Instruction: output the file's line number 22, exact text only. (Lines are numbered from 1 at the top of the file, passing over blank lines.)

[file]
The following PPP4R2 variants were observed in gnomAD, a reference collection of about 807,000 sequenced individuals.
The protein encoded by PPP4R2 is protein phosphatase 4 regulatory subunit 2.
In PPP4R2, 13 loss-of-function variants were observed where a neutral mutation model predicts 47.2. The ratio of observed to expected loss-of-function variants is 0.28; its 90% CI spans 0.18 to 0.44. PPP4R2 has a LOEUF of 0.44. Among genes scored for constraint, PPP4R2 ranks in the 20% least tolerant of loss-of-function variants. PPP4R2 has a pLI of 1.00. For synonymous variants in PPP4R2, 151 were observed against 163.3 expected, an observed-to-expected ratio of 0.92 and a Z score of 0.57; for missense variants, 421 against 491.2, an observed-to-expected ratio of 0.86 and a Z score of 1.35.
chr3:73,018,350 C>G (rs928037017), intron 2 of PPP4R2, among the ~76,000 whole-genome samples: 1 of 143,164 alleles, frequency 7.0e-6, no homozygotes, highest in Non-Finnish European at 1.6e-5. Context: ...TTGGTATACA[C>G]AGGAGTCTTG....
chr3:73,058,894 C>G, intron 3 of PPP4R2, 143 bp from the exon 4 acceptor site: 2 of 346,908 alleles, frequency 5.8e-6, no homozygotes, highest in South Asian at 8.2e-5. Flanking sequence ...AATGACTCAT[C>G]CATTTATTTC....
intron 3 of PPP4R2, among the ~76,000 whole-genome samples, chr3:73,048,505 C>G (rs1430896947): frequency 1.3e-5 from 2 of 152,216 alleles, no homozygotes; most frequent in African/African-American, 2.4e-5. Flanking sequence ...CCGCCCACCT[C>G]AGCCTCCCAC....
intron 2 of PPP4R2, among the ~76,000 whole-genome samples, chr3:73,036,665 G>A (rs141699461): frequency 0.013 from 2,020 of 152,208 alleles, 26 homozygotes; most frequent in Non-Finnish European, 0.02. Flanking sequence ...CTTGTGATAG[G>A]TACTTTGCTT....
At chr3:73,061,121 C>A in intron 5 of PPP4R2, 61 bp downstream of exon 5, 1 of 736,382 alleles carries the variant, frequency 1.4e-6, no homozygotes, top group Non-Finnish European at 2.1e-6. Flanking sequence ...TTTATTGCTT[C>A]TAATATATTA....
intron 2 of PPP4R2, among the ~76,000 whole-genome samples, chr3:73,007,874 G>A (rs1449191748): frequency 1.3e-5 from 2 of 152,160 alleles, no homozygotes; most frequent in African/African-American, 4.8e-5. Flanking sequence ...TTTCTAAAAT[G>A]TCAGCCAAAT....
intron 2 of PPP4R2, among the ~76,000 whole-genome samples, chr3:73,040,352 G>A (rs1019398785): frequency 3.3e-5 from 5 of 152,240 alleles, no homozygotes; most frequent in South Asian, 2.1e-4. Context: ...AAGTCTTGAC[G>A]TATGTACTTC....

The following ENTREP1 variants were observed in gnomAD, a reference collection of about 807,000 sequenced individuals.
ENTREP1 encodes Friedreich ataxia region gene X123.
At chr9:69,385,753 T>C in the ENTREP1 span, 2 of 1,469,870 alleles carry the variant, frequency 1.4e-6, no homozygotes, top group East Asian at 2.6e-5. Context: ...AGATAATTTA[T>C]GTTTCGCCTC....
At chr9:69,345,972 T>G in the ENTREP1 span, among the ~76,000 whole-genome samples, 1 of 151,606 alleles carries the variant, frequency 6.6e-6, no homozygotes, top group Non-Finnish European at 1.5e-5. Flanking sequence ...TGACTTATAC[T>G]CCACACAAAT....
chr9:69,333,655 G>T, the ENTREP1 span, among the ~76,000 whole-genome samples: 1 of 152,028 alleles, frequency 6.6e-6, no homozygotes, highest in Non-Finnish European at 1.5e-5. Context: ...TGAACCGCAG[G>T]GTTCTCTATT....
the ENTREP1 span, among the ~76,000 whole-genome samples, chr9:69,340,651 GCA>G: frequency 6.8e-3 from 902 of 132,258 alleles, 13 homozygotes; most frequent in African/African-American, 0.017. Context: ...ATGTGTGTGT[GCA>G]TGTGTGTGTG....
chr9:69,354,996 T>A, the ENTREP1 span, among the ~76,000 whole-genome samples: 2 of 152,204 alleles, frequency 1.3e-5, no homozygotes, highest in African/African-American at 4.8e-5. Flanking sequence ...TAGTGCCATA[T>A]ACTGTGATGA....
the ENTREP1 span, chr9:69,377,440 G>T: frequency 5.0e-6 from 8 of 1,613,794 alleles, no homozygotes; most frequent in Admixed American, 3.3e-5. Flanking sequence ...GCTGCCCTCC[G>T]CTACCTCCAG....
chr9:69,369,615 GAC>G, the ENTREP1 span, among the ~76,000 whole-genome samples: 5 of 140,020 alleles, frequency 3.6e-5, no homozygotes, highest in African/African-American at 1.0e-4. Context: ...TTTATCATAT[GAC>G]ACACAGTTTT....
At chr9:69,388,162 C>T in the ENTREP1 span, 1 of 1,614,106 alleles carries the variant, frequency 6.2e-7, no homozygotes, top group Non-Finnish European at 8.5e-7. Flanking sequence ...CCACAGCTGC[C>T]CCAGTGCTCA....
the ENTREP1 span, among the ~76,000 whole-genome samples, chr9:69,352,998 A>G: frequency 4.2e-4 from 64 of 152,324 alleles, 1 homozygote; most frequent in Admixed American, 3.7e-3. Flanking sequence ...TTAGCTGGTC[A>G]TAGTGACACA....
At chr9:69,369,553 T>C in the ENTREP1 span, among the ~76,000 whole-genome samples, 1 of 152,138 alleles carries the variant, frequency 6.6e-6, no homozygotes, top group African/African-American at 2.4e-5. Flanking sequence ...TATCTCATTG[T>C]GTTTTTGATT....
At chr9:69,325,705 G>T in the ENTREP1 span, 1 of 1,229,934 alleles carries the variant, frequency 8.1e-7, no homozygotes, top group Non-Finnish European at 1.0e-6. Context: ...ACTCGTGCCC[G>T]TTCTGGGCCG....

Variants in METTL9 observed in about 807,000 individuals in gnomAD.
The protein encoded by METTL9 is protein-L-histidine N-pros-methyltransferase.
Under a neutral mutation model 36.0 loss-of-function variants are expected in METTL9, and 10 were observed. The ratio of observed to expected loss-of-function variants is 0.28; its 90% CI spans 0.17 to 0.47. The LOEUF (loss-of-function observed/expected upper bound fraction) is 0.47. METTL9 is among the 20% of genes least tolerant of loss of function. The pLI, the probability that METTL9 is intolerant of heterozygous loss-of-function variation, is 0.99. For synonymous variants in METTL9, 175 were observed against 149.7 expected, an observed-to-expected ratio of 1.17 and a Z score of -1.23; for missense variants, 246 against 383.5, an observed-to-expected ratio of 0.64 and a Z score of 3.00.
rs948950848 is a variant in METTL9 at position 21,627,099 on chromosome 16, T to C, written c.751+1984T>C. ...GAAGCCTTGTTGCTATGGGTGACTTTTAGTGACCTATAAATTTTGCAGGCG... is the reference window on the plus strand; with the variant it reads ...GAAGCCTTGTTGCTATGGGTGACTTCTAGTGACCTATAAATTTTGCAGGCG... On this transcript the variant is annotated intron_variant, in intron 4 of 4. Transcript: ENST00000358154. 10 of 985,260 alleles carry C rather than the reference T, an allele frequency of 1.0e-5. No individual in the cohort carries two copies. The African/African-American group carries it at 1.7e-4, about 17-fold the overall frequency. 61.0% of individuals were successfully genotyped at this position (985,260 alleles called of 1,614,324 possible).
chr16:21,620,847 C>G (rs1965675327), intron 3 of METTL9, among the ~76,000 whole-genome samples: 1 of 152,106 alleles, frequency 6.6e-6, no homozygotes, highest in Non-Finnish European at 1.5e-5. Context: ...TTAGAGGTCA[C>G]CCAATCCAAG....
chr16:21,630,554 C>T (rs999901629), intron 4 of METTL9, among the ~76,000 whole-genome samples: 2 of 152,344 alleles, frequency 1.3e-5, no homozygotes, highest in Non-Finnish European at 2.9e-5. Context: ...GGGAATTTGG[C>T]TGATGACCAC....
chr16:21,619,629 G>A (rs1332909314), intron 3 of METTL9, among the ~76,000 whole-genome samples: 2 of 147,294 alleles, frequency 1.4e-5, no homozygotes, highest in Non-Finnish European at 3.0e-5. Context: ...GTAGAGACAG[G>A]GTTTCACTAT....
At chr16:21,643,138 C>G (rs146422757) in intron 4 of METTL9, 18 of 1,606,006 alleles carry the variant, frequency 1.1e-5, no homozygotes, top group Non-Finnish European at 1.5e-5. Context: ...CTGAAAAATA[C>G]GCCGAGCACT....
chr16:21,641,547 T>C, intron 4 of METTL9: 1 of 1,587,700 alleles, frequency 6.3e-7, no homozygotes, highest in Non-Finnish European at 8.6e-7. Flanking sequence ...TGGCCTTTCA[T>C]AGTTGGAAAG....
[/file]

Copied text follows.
At chr9:69,369,553 T>C in the ENTREP1 span, among the ~76,000 whole-genome samples, 1 of 152,138 alleles carries the variant, frequency 6.6e-6, no homozygotes, top group African/African-American at 2.4e-5. Flanking sequence ...TATCTCATTG[T>C]GTTTTTGATT....